Secondary-school students regularly engage in cyberspeech both inside and outside the schoolhouse gate. Internet-era forms of communication allow these students to produce off-campus cyberspeech that can easily be accessed or brought onto campus by other students or faculty. As early as the 1990s, public-school administrations began punishing students for off-campus cyberspeech, accessed or brought onto campus, that the administrations deemed threatening, intimidating, harassing, or generally inappropriate for the school setting. Parents continue to challenge public-school administrations’ punishments of their children by filing civil suits in federal courts claiming these administrations violated their children’s First Amendment right to free speech. Whether parents’ challenges are successful usually turns upon whether the students’ off-campus speech causes, or can be reasonably forecasted to cause, a substantial disruption to school administration under Tinker’s substantial-disruption test.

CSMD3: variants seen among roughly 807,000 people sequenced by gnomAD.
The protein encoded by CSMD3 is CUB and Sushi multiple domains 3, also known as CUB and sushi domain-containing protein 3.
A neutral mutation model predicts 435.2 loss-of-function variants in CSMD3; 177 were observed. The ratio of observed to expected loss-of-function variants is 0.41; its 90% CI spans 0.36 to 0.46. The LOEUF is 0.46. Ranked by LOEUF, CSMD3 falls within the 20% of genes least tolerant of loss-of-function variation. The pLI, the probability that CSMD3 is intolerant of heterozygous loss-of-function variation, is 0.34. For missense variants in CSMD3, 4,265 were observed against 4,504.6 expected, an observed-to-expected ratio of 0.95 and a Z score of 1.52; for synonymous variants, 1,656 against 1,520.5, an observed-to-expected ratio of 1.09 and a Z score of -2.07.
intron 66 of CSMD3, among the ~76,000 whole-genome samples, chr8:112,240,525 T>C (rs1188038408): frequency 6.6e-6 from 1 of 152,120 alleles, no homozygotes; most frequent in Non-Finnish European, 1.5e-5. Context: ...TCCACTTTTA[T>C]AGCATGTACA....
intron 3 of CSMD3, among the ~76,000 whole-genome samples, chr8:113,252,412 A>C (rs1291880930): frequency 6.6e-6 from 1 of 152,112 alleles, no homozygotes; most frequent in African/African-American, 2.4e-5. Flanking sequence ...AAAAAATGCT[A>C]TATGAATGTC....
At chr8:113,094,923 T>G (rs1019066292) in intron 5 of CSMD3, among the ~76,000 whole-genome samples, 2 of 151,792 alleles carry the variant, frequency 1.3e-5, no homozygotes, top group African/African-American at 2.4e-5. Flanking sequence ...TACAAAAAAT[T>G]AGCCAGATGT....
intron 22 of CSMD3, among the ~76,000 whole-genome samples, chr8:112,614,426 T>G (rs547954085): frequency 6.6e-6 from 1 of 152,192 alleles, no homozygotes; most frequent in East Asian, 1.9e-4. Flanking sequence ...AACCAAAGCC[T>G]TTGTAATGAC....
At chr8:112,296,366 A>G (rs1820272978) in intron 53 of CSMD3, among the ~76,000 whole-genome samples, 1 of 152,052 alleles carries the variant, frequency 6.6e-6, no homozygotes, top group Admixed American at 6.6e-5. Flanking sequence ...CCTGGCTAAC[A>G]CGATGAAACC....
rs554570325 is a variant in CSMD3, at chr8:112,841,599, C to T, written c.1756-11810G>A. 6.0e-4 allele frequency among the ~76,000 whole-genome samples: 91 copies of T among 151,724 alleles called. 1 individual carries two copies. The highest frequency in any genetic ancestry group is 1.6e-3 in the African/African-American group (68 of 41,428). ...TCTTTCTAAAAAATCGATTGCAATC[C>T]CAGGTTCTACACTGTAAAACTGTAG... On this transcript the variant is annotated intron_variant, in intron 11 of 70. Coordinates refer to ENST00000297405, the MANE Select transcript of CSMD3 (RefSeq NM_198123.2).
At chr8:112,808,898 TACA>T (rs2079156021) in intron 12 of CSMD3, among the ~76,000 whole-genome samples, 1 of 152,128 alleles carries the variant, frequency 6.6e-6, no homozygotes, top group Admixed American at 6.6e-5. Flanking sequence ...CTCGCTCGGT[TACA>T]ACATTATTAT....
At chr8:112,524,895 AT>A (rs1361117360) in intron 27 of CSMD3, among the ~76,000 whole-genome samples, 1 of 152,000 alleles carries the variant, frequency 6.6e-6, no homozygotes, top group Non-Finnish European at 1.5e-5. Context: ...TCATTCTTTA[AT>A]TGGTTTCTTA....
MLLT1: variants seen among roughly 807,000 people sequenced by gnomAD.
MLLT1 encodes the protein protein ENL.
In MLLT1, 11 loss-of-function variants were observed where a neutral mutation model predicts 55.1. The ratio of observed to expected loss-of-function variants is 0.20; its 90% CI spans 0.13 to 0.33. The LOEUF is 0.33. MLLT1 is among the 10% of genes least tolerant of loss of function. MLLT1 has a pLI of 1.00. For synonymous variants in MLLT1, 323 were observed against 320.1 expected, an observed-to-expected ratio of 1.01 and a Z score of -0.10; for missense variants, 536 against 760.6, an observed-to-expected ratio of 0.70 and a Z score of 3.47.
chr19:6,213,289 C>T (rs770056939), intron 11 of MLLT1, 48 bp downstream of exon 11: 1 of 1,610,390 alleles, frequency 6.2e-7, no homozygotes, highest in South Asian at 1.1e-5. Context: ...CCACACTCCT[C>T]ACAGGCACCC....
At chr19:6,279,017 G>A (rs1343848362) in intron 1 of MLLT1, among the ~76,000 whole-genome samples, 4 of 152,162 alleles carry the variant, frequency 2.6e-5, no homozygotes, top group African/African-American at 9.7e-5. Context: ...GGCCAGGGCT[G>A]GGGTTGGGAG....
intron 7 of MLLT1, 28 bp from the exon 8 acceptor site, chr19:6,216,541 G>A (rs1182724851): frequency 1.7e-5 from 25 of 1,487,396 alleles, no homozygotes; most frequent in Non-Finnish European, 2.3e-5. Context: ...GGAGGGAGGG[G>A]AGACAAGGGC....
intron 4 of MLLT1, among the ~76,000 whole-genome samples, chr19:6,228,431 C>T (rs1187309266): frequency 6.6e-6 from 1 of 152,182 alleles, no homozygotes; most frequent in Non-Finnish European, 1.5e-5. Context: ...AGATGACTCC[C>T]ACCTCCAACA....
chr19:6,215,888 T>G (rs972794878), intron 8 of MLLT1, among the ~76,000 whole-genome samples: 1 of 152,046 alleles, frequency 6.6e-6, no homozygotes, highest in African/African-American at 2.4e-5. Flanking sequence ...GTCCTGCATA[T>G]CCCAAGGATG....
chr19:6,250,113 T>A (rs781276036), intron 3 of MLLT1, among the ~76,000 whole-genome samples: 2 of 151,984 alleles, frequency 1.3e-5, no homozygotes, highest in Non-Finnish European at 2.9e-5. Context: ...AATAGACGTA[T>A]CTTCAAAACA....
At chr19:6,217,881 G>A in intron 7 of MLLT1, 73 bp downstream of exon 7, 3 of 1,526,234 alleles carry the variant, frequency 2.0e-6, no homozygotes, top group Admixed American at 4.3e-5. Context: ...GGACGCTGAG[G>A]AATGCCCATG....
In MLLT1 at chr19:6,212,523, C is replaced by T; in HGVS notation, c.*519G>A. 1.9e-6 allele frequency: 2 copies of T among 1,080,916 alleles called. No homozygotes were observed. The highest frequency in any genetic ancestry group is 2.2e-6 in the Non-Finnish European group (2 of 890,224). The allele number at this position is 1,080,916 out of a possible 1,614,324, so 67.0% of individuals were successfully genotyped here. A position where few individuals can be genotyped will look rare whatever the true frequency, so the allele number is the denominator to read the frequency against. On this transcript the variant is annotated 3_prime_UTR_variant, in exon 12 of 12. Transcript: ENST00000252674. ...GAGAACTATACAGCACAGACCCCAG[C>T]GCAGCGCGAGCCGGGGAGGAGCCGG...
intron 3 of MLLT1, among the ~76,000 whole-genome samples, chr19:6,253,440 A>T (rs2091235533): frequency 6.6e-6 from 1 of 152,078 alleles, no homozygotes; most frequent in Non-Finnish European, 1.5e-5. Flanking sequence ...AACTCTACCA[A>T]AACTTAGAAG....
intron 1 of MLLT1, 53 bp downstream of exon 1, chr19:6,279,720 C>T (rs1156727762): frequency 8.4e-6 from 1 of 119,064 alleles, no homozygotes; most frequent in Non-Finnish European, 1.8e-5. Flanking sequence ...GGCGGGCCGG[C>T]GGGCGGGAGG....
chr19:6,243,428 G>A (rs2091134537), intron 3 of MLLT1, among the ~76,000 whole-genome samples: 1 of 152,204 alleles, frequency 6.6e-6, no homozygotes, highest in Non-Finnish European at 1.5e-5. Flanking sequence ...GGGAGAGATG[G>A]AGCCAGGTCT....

This Note addresses the conflict that arises when public-school administrations punish students for off-campus cyberspeech, pitting a student’s right to free speech against a school’s duty to provide students a safe, nurturing environment. This Note discusses how federal circuit and district courts apply different standards for triggering Tinker’s test and explains why the holdings and dicta in Tinker and its progeny cases challenge the application of Tinker’s test to off-campus cyberspeech cases. This Note offers a dual proposal that more accurately reflects the Court’s school-speech jurisprudence and better protects students’ right to free speech. First, federal circuit and district courts should decline to apply Tinker’s test to off-campus cyberspeech cases. Tinker and its progeny support greater protections for off-campus speech. At minimum, lower federal courts should use a more stringent standard for triggering Tinker’s test. Second, if federal courts continue to apply Tinker’s test, then states should enact laws prohibiting school officials from punishing students for off-campus cyberspeech, except when that speech constitutes a true threat to the school community or is adjudicated as unlawful, as in cases of cyberbullying, harassment, or defamation.